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Interview Patrick Tam: the exiled filmmaker
Emergence of the HK New Wave and early works 1/1 - Page 1
Info
Author(s) : Gina Marchetti
David Vivier
Thomas Podvin
Date : 28/6/2007
Type(s) : Interview
 
 Intext Links  
People :
King Hu
Ann Hui On Wah
Aaron Kwok Fu Sing
Li Han Hsiang
Patrick Tam Kar Ming
Tsui Hark
Wong Kar Wai
Yim Ho
Movies :
After This, Our Exile
The Final Victory
 
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 Notes  
Photo by David Vivier for HKcinemagic.com.


Patrick Tam Kar Ming returns from a 17-year long hiatus from directing and shows that he is still at the peak of his talents with the critically-acclaimed AFTER THIS OUR EXILE, Tam exiled himself in Malaysia teaching scriptwriting in the hope of creating a new generation of talented Chinese-speaking filmmakers. From his teaching work emerged the script for After This.

In this candid interview, the director talks about the production of his most recent film, his relationship with Wong Kar-wai, his involvement with the Hong Kong New Wave, his method of working with actors like Aaron Kwok, and his own approach to the intricacies of film aesthetics within Chinese-language cinema.


hkcinemagic.com (c)

Emergence of the HK New Wave and early works

HKCinemagic : Could you talk about your contribution to the Hong Kong New Wave? Is it still a viable concept?
Patrick Tam : It’s a convenient grouping. I am never at ease with this kind of labeling. Of course, we appreciated it at that time. The first ten years of TVB [a local TV channel from which stemmed the New Wave directors] was the most innovative, creative, and experimental of that time because the system had not been fossilized into something immovable. It was open to experimentation. Selina Chow, now a Hong Kong Legislative Council (LegCo) member, was our boss at the time, and she loves creative works. She gave us creative freedom to experiment. Ann Hui, Tsui Hark, Yim Ho, all these friends, worked together, but I don’t think this can be compared to the French New Wave. They were more intellectual and theoretical. We had this energy (after coming back from studying abroad in England or the United States), and we tried to work according to how we saw cinema. Some of the local moviemakers were getting older. For example, for us, Li Han Hsiang was not “cinematic.” His films were stage recordings for us, so we tried to go against that. The only maestro that we considered truly cinematic was King Hu. We tried to inject some energy, to revitalize local cinema, and we tried to devote the best of our ability to work on that. It was a healthy climate at that time for this.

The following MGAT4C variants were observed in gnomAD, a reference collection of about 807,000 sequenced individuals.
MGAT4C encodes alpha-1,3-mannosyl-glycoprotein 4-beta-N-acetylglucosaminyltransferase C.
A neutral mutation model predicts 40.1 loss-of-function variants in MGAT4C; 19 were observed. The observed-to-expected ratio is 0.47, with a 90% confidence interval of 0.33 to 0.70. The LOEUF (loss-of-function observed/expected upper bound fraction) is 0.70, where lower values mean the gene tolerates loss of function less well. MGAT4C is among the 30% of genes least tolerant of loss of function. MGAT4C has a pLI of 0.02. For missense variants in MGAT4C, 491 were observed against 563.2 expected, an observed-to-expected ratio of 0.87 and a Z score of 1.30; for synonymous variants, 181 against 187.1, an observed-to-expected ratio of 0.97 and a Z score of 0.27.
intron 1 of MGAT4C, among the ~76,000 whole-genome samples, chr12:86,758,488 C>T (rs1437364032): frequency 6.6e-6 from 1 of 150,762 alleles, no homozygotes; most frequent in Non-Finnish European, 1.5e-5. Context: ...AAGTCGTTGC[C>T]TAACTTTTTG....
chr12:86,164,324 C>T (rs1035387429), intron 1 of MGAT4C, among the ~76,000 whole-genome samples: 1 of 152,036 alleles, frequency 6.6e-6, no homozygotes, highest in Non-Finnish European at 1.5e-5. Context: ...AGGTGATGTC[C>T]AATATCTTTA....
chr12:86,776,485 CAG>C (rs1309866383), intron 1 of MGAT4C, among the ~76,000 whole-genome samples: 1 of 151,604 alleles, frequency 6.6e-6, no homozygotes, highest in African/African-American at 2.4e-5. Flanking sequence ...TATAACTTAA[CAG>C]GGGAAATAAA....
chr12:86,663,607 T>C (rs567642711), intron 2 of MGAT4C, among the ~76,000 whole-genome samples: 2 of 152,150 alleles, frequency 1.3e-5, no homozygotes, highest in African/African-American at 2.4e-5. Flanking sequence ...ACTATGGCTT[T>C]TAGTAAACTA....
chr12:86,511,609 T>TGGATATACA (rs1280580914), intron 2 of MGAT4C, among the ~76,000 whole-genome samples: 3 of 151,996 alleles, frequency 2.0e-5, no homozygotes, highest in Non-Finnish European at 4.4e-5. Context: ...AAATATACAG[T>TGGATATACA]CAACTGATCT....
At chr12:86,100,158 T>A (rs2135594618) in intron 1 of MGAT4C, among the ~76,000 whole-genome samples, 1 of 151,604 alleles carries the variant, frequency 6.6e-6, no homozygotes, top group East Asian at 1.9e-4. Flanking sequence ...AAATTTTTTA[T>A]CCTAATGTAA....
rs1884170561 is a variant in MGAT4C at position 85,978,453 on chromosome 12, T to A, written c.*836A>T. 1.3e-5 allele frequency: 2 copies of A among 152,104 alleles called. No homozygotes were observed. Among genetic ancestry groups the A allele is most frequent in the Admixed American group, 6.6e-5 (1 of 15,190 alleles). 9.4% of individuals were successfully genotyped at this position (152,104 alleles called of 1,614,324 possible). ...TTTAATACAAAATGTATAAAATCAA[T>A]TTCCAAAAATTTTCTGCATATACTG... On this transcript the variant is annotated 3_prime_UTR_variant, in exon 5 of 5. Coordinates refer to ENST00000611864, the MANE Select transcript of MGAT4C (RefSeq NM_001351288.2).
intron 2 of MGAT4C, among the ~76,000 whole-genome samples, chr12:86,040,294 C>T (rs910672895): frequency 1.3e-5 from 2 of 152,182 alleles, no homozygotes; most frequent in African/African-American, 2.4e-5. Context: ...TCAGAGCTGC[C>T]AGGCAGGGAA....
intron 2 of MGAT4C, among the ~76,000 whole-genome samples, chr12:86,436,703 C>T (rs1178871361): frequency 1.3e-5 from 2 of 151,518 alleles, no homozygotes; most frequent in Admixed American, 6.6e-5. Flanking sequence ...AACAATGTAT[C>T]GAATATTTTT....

The Sword (1980)
HKCinemagic : How do you view the New Wave now?
Patrick Tam : We can never go back to the golden days. The whole system has changed. People’s lifestyle has changed. Nowadays, cinema is not the only entertainment you can get. You can go to karaoke, you can go to the Internet, or you can play video games. The young people do not necessarily go to the cinema. This is a global phenomenon. It’s an age of mediocrity --even in Hollywood. With the development of technology, we tend to create works that are, on the surface, full of impact and overpowering, but, inside, emotionally empty. Of course, there is still hope. Here and there, there are still filmmakers truly concerned with human beings and emotions, but these individuals are rare.

Eric Tsang and Rachel Lee in Final Victory
HKCinemagic : Could you talk about your relationship with Wong Kar-Wai? Do you consider yourself his mentor?

Patrick Tam : No. We are just friends. Wong Kar Wai is completely without discipline. He likes to improvise. He likes to explore. This is his way of working. We collaborated on the script of FINAL VICTORY (1987). At that time, we spent a lot of time hanging around coffee shops, talking, discussing, and brainstorming over the story for the script. However, he was never able to finish the whole script. He wrote only half, and the rest I completed with my line producer and my executive producer at that time.

We are close on our views on cinema. We speak more or less the same language. If you’re conversing with someone, you immediately know if you can communicate or not. We can communicate well, but I don’t see myself as any kind of mentor.

 
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